Separate the left and rein lines from each other, then gather the right line to keep in place, making sure it’s tidy and away from the ground to avoid getting caught in your horse’s legs.
Take the pulley snap and attach to the solid ring near the girth attachment of the surcingle.
Attach the end snap to the bit as a place holder and repeat on the other side.
Take the front clips and run them through the bit rings going out-to-in towards the middle of the horse’s front legs).
Attach the clips at the D-ring underneath the surcingle. Some people use baling twine for younger or green horses as an easy break point.
You’re done! You can send your horse out on the line and begin lunging.
Waldhausen Lunging System in Practice
One of our Customer Service Support Specialists, Laura, had been curious about trying various Lunging Systems. After trial and error with other Lunging Systems, hear how she found a winner with the Waldhausen Lunging System!
” I purchased the Waldhausen lunging system when other lunging aids were not cutting it for my dressage gelding. He would pull himself into frame and be “collected” but not engage his hind end on the ground. After a lot of research, I found the Waldhausen system and decided to purchase it and test it out! The instructions were very simple to understand and they show a few different ways to hook up the system on your horse. I started with the most basic, which is what is pictured. After my horses’ first initial few steps of confusion with the padded strap behind his legs, he started tracking up better in both the walk and the trot. Moving on to the canter, he showed actual full collection and engaged both his hind end and back going into the transition. I have now started to use the Waldhausen system in our monthly training/lunging program to help keep his mind working with the rest of his body which helps him both move and feel better when being ridden!”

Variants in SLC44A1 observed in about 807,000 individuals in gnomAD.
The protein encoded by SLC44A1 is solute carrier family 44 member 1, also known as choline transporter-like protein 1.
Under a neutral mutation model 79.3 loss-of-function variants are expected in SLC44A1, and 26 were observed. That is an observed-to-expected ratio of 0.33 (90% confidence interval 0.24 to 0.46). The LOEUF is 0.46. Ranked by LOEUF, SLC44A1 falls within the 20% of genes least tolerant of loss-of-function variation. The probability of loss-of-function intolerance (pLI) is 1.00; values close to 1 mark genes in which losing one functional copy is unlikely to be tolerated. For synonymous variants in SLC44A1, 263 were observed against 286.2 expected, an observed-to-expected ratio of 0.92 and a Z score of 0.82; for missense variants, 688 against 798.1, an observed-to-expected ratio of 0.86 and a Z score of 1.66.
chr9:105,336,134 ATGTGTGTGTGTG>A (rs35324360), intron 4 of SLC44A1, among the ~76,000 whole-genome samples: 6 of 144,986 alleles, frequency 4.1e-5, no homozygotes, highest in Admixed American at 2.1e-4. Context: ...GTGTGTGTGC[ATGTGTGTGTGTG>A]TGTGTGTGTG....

Tips and Final Words
When using any Lunging System for the first time, it’s always important to desensitize your horse to all the lines, pulleys, and clips before putting it on. Start slowly when you begin, begin at a walk encouraging your horse to move freely and without resistance. As your horse begins to become more comfortable and trained to the system, feel free to experiment and have fun with different gaits, transitions, circle sizes, and change of directions. As always, make sure you are working with a professional and in a safe environment with the addition of any new training aid, to make sure everything fits correctly and she can observe the initial reactions of your horse.